At first glance, the answer to this book’s title is pretty clear. Because, everybody.But do you know this book? When I mention it to someone, I either hear about their favorite jelly donut (the one with strawberry), or they lose their sprinkles over the magnificence of this screwy tale.
The simplicity of the setup:
Sam lived with his family in a nice house.
He had a big yard and lots of friends.
But he wanted donuts, not just a few but hundreds and thousands and millions — more donuts than his mother and father could ever buy him.
Finally one day he hopped on his tricycle and rode away to a big city to look for donuts.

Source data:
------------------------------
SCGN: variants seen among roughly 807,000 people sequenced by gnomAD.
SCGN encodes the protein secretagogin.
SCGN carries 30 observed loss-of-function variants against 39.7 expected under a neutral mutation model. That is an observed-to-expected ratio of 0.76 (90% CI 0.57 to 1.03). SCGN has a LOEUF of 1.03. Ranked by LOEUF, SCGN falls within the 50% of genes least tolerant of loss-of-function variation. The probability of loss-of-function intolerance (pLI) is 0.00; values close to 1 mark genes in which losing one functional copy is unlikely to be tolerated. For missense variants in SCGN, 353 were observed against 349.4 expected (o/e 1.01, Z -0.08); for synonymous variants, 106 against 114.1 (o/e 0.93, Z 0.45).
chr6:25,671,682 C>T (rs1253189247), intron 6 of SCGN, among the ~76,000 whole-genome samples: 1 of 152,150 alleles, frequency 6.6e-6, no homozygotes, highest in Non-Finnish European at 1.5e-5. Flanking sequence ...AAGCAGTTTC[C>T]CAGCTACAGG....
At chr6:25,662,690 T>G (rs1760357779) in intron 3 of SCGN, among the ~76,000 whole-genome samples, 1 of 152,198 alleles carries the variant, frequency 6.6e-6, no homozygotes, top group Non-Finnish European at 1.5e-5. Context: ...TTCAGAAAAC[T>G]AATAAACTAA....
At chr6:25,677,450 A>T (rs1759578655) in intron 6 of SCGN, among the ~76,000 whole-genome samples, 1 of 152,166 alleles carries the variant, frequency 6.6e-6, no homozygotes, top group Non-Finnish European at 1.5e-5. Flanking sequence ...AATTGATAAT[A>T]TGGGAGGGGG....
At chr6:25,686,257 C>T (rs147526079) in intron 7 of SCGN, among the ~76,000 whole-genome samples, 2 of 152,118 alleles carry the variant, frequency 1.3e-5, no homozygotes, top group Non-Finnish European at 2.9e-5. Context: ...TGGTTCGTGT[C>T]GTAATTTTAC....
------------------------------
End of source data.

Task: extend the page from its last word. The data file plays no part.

The scattered spectacle of the scene, a commotion in black and white. On those initial pages alone:
A bird in swim trunks
A roof-mowing man
A chimney blowing ribbons
A man in the window reading a newspaper with the headline, Person Opens Picture Book Tries to Read the Fineprint
And a cinematic, get-ready-for-your-close-up page turn. (Be sure to look closely in the blades of grass.)There’s almost a calm in the chaos. It’s regular and rhythmic and pandemonium and patterned all at once. Perfect for a story that’s a little bit bonkers and a whole lot of comfort.
And a Sad Old Woman. And Pretzel Annie.
(A fried orange vendor. A bathing zebra. Rollerskates. A Sad Old Woman.)
The starts of stories are carved in concrete.
P.S. – These pictures remind me a little of what I’m seeing for Steve Light’s new book, Have You Seen My Dragon? Check out this review where Betsy Bird notices the same, and this post at Seven Impossible Things Before Breakfast, because it’s always a treat. I also think of the hours I’d spend as a kid studying each square centimeter of The Ultimate Alphabet. Like Waldo, but weirder.